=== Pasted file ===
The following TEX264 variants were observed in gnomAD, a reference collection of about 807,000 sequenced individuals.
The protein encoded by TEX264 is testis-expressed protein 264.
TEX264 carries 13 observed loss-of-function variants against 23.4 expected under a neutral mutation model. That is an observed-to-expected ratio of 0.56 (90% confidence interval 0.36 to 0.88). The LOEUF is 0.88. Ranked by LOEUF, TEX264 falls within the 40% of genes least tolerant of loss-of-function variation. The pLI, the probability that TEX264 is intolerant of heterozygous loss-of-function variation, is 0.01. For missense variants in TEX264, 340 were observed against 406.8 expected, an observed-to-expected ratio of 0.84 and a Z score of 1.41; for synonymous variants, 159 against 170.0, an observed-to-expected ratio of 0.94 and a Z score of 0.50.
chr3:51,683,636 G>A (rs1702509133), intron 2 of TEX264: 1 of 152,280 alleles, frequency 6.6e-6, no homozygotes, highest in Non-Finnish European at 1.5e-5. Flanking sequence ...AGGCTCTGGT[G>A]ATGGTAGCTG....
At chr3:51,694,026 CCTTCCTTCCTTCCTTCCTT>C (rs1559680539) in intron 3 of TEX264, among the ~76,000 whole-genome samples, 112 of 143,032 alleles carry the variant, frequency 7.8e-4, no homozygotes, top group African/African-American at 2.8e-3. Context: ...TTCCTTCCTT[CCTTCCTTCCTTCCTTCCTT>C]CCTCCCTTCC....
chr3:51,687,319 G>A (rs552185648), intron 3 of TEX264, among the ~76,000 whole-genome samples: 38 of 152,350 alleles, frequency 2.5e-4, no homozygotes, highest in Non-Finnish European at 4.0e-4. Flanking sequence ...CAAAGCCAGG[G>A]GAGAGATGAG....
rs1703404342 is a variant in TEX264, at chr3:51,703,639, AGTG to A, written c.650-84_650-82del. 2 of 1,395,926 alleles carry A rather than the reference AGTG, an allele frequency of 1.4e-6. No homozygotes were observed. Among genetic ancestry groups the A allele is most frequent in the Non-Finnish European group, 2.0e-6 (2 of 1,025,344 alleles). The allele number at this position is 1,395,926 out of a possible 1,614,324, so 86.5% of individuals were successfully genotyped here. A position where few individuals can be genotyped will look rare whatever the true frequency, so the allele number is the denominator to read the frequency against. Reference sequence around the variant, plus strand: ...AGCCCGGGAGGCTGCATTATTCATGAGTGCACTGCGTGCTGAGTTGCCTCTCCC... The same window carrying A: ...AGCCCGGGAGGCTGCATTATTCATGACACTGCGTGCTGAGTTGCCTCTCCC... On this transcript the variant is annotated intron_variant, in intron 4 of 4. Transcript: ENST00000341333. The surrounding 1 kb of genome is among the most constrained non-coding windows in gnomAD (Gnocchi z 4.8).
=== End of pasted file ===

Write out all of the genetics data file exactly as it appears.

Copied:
The following TEX264 variants were observed in gnomAD, a reference collection of about 807,000 sequenced individuals.
The protein encoded by TEX264 is testis-expressed protein 264.
TEX264 carries 13 observed loss-of-function variants against 23.4 expected under a neutral mutation model. That is an observed-to-expected ratio of 0.56 (90% confidence interval 0.36 to 0.88). The LOEUF is 0.88. Ranked by LOEUF, TEX264 falls within the 40% of genes least tolerant of loss-of-function variation. The pLI, the probability that TEX264 is intolerant of heterozygous loss-of-function variation, is 0.01. For missense variants in TEX264, 340 were observed against 406.8 expected, an observed-to-expected ratio of 0.84 and a Z score of 1.41; for synonymous variants, 159 against 170.0, an observed-to-expected ratio of 0.94 and a Z score of 0.50.
chr3:51,683,636 G>A (rs1702509133), intron 2 of TEX264: 1 of 152,280 alleles, frequency 6.6e-6, no homozygotes, highest in Non-Finnish European at 1.5e-5. Flanking sequence ...AGGCTCTGGT[G>A]ATGGTAGCTG....
At chr3:51,694,026 CCTTCCTTCCTTCCTTCCTT>C (rs1559680539) in intron 3 of TEX264, among the ~76,000 whole-genome samples, 112 of 143,032 alleles carry the variant, frequency 7.8e-4, no homozygotes, top group African/African-American at 2.8e-3. Context: ...TTCCTTCCTT[CCTTCCTTCCTTCCTTCCTT>C]CCTCCCTTCC....
chr3:51,687,319 G>A (rs552185648), intron 3 of TEX264, among the ~76,000 whole-genome samples: 38 of 152,350 alleles, frequency 2.5e-4, no homozygotes, highest in Non-Finnish European at 4.0e-4. Flanking sequence ...CAAAGCCAGG[G>A]GAGAGATGAG....
rs1703404342 is a variant in TEX264, at chr3:51,703,639, AGTG to A, written c.650-84_650-82del. 2 of 1,395,926 alleles carry A rather than the reference AGTG, an allele frequency of 1.4e-6. No homozygotes were observed. Among genetic ancestry groups the A allele is most frequent in the Non-Finnish European group, 2.0e-6 (2 of 1,025,344 alleles). The allele number at this position is 1,395,926 out of a possible 1,614,324, so 86.5% of individuals were successfully genotyped here. A position where few individuals can be genotyped will look rare whatever the true frequency, so the allele number is the denominator to read the frequency against. Reference sequence around the variant, plus strand: ...AGCCCGGGAGGCTGCATTATTCATGAGTGCACTGCGTGCTGAGTTGCCTCTCCC... The same window carrying A: ...AGCCCGGGAGGCTGCATTATTCATGACACTGCGTGCTGAGTTGCCTCTCCC... On this transcript the variant is annotated intron_variant, in intron 4 of 4. Transcript: ENST00000341333. The surrounding 1 kb of genome is among the most constrained non-coding windows in gnomAD (Gnocchi z 4.8).